a1 Cocoa Research Institute of Nigeria, P.M.B. 5244, Ibadan, Nigeria.
Following a demonstration of the role of ants in the dissemination of Phytophthora pod rot and an intensive study of the ant mosaic on cocoa at the Cocoa Research Institute of Nigeria, there was a need for a wide-scale assessment of the relative importance of different species of ant on cocoa farms in the major growing area of western Nigeria. Between 19 January and 6 February 1976, 50 trees were examined on each of 76 cocoa farms and all ant species visible from the ground were recorded. Sixteen species, or species-groups, of ants occurred on more than 1% of the trees, and their geographical distribution, habitat requirements and inter-specific relations were examined. The last of these were elucidated using principal components analysis, and the results are compared with earlier work on the ant mosiac. Any one cocoa farm only rarely provided a suitable habitat for more than one or two of the dominant species, and a diagram summarising the habitats is given. The potential usefulness of ant population manipulation is thought to be restricted in Nigeria by the undesirable effects of co-dominant and associated species found with the dominant species, Oecophylla longinoda (Latr.) and Tetramorium aculeatum (Mayr), which are regarded as beneficial in Ghana. The most important of the undesirable co-dominants is Pheidole megacephala (F.).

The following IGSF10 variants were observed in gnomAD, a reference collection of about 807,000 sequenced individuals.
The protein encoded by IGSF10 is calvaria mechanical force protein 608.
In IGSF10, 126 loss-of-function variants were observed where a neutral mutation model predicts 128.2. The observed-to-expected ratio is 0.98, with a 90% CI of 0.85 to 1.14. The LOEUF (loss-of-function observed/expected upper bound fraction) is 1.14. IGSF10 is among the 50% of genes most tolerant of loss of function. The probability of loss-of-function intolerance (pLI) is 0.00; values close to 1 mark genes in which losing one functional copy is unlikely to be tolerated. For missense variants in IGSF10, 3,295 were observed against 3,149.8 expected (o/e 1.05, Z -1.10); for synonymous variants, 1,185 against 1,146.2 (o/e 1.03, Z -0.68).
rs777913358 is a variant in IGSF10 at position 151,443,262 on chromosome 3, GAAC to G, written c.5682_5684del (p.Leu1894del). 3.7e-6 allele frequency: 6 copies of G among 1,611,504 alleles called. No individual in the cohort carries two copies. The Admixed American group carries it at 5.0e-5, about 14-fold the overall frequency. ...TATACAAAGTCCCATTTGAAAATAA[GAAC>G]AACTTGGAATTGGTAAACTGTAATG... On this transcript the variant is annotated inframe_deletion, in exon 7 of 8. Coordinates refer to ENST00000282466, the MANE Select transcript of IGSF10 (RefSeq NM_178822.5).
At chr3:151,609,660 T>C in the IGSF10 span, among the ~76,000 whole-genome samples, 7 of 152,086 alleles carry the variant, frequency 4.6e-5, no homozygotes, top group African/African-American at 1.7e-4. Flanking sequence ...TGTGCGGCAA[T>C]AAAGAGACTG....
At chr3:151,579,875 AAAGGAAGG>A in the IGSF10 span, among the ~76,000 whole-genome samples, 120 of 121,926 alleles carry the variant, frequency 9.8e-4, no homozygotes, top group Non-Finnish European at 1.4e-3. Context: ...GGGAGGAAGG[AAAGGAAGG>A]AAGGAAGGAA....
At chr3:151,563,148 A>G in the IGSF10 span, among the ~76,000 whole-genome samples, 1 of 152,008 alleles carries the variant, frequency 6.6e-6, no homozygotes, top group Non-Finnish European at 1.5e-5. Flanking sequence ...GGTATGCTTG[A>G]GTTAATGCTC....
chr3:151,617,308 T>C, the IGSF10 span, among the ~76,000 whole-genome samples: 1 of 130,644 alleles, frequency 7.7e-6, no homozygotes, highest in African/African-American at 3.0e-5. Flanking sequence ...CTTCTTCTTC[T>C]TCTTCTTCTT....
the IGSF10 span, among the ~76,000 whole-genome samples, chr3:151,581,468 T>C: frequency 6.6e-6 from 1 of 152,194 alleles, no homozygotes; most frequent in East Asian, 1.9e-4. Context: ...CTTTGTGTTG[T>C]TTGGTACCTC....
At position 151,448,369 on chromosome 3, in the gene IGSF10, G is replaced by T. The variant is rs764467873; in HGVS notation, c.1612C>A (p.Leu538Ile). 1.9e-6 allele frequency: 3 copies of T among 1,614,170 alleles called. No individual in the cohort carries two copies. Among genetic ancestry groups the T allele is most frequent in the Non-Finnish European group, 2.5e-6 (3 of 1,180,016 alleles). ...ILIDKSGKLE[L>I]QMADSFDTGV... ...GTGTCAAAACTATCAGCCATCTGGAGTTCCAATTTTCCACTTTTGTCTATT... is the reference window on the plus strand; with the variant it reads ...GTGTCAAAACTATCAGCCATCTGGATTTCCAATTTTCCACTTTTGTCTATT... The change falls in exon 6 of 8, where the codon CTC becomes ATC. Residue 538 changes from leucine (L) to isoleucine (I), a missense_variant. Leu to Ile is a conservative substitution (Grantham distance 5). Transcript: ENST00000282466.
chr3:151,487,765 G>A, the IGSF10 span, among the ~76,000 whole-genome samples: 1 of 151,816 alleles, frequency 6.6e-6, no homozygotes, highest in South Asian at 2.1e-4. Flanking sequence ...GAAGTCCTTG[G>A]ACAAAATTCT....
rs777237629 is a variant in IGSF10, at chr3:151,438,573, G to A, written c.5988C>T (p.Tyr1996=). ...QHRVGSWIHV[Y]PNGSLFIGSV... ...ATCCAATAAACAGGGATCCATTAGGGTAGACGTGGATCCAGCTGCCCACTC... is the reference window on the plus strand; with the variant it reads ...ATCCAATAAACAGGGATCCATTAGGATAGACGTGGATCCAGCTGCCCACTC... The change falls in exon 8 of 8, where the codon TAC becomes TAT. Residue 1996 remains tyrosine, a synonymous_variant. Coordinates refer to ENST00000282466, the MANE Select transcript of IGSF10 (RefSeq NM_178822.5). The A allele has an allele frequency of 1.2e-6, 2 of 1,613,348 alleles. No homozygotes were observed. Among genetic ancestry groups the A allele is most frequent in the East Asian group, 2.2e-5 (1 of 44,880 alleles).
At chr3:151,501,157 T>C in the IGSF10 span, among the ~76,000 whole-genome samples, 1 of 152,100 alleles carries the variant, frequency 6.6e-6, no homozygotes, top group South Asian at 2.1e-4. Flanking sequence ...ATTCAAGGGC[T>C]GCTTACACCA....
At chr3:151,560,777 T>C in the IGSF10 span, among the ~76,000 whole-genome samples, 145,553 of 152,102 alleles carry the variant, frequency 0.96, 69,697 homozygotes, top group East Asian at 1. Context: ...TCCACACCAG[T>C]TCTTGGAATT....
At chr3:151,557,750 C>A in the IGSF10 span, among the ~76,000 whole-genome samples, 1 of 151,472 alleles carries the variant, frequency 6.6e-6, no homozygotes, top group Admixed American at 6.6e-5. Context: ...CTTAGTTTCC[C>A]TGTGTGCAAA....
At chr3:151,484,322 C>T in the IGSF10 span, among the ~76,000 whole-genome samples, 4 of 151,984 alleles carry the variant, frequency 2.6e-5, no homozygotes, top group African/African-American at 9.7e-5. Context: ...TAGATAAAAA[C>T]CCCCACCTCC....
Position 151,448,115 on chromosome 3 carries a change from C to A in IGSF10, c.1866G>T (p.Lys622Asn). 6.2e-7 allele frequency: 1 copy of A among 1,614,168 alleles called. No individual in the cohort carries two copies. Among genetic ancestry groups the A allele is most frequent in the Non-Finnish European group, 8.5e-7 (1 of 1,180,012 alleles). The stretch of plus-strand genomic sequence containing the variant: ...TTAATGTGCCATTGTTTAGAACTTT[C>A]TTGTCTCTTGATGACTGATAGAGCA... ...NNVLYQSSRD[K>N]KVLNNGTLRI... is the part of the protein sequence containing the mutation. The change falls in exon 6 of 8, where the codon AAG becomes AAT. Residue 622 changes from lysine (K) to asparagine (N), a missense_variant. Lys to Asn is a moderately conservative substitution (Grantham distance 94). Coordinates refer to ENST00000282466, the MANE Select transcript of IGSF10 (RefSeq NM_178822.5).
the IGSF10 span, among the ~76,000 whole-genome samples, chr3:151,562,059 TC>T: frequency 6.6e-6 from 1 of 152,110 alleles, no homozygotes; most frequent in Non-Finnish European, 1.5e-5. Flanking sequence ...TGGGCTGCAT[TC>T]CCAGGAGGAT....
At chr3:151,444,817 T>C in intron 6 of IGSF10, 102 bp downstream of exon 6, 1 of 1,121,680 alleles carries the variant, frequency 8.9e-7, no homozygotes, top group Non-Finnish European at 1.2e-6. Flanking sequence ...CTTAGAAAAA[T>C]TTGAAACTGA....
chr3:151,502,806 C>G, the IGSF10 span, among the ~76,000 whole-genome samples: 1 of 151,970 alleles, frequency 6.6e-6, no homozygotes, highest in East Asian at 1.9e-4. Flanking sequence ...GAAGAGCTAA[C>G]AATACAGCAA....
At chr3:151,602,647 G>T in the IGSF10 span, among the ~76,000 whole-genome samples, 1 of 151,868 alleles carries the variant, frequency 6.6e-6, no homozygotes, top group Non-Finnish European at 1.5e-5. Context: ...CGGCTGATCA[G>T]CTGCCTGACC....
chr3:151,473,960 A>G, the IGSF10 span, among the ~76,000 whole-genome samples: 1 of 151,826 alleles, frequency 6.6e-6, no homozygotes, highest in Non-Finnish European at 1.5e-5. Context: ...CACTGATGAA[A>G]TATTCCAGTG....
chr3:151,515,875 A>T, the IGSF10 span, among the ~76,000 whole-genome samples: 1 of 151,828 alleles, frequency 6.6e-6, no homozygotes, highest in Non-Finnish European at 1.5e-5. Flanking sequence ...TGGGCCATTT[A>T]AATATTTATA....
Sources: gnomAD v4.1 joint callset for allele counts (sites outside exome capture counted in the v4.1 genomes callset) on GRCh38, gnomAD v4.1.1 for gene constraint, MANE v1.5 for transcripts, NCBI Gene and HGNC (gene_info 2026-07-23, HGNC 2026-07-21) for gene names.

(Received January 12 1977)
(Revised June 27 1977)
p1 Present address: Lenton Research Station, Lenton House, Nottingham NG7 2QD, UK.